'Hate cannot be channelled only in one direction,' warns Amulya Ganguli.
Illustration: Uttam Ghosh/Rediff.com
Barack Obama's prediction of a 'meaner, harsher, more troubled world' because of the rise of the white xenophobes is coming true.
Both in the US and in Britain, there has been an uncommon spurt in recent months of hate crimes against immigrants following Donald Trump's election as the US president and in post-Brexit Britain.
According to the Southern Poverty Law Centre in the US, 'hate activity' after Trump's ascent to power has been above pre-election levels.
In Britain, the London metropolitan police noted a 'horrible spike' in hate crimes following the referendum on Britain remaining in the European Union while there was a 41 per cent increase in England and Wales, according to official figures.
The targeting of 'aliens' by the ultra-nationalists is the primary distinguishing feature of the present-day 'troubled world'.
Among those who arouse the ire of the chauvinists are the Muslims in the US, Britain and other European countries and also any person of 'colour,' irrespective of his or her religion, along with even the white immigrants from Poland and elsewhere who take away the jobs of the locals.
'Get out of my country' is the war cry of the uber-nationalists against the outsiders.
This was the dire threat uttered by the former US navy employee against Indian technologist Srinivas Kuchibhotia when shooting him dead in Kansas.
The White House has refused to see any link between the crime and Trump's anti-immigration rhetoric.
The disinclination is understandable because the US president's success is almost totally based on whipping up such nativist sentiments among his supporters in disaffected white communities whose employment prospects have been hurt by globalisation.
In any event, an admission on this score by the White House is unthinkable.
Insularity is currently the cornerstone of all Alt-Right parties in Europe, which are gaining ground by exploiting the resentment against and fear of Muslims.
There is also apprehension about immigrants eroding the local culture.
Britain, too, is proving to be no different although 48 per cent of its people opposed Brexit.
The reason is that hate has its own momentum.
Even before the Brexit referendum, a promising politician of the Labour Party, Jo Cox, was killed by a man shouting 'put Britain first.'
But it is not only the West which is experiencing the violent expression of parochialism.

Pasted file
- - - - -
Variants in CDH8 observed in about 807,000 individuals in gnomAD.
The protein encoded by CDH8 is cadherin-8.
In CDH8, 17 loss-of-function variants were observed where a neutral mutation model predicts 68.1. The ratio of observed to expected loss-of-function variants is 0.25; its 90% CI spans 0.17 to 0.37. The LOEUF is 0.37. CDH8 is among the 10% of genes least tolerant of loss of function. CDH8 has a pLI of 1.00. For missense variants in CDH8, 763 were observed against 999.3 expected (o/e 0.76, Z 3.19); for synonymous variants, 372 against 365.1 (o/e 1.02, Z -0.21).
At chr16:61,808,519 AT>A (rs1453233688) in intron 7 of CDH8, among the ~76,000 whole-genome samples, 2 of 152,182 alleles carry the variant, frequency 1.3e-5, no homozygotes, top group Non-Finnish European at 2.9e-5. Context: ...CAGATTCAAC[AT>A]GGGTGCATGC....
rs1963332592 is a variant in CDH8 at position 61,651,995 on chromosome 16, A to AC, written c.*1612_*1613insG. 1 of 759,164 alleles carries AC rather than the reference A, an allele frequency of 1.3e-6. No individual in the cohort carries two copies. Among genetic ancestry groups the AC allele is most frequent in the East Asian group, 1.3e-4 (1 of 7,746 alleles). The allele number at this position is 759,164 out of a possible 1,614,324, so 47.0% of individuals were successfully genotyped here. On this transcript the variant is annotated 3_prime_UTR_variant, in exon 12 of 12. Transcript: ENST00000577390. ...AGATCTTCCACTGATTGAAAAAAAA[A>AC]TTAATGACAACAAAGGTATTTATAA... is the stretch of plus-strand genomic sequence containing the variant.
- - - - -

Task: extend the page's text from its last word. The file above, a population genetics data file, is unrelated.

India, too, has seen campaigns by the BJP and its allied organisations, which have included the imposition of their fetishes about beef in their agenda.
So passionate is their abhorrence of the consumption of beef that a mob killed a Muslim householder near Delhi on the suspicion that he and his family were eating the forbidden meat.
Muslim transporters of cattle have been beaten up or killed while a group of Dalits were beaten up in Gujarat for skinning a cow.
One can also hear the angry warning, 'Get out of my country.'
BJP Minister Mukhtar Abbas Naqvi's threatening advice to beef-eaters was to go to Pakistan and in Maharashtra Chief Minister Devendra Fadnavis felt that those who do not chant 'Bharat Mata ki Jai' have no place in India.
The tactics of the Akhil Bharatiya Vidyarthi Parishad, the saffron brotherhood's student body, against those it considers anti-nationals is another example of self-appointed patriots running amok.
The ABVP recently ensured the cancelling of a seminar in Delhi's Ramjas college by clashing with Leftist student groups over the participation of two Left-leaning students from the Jawaharlal Nehru University and compelled another college to call off a theatre festival because of the allegedly anti-national content of some of the plays.
Finance Minister Arun Jaitley, who started his political career in the ABVP, has muddied the waters by saying that the opponents of the saffron student body constitute an 'alliance of subversion.'
However, the saving grace of democracy is its incompatibility with violence.
Just as Modi silenced the ghar wapsi and love jihad brigades and stopped the attacks on churches, it is not impossible that he will send a discreet message to the saffron students to cool down.
RSS chief Mohan Bhagwat's rather surprising admonition of those who judge the patriotism of others -- 'doosre ki bhakti naapne ka adhikar kisiko nahin hai (no one has the right to measure anyone's patriotism)' -- is apparently a hint in the direction of restoring sanity.
In America and Britain too, the 'horrible spike' in violence against the fabled Other cannot but worry the Republicans and Conservatives.
The death of the Indian techie in Kansas is also bound to induce second thoughts about Trump among the saffronites in India who were happy with his anti-Muslim outlook.
Now, they will realise that hate cannot be channelled only in one direction.
Amulya Ganguli is a writer on current affairs.
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